Abdullah and Gordon Brown have nothing much in common except that they are set to be kicked out of their office after disastrous defeats. For both men ‘resignation’ is probably in one of the word they fear most these days.

Abdullah recently forced to announce his transition of power after disasterous August election. He promised to hand over power in middle of 2010 to Najib. But Brown have not been afforded the same treatment that Abdullah get from his cabine.

The British Prime Minister has been given warning to shape in two months or ship out. It’ such a short notice in our standar but not in Britain.

Discussions are underway at cabinet level on whether to seek an orderly resignation by Gordon Brown as prime minister, in the wake of the disastrous Labour defeat at the hands of a resurgent SNP in the Glasgow East byelection.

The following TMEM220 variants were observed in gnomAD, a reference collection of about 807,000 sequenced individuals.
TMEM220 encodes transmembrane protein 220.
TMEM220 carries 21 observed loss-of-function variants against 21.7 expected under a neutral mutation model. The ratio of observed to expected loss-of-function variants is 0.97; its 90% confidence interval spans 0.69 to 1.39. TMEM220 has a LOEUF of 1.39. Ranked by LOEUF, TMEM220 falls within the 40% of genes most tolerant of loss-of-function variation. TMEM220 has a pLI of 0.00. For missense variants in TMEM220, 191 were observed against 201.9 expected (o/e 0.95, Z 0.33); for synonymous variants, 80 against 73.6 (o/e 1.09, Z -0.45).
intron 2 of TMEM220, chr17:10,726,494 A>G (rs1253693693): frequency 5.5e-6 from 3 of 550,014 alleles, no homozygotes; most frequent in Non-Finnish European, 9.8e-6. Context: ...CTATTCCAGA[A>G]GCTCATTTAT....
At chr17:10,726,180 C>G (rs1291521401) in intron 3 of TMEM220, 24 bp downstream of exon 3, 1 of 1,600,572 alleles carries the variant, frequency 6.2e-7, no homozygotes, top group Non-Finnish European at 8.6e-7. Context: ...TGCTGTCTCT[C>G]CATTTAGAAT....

Talks between cabinet ministers took place on the phone yesterday to coordinate a response to the defeat, with renewed pressure being placed on the chief whip, Geoff Hoon, and the justice secretary, Jack Straw, to urge Brown to stand aside. One source said: “The onus is now on Brown to prove that he should stay.”

Insiders suggest Brown has until the autumn to prove to a sceptical party he has a strategy to fight the next election that will not leave Labour out of power for a generation.

But concerns are expressed at senior cabinet level at failings of the Downing St machine, possible divisions within No 10, and an anxiety the party has been neglected, with some calling for a full-time chairman to restore morale.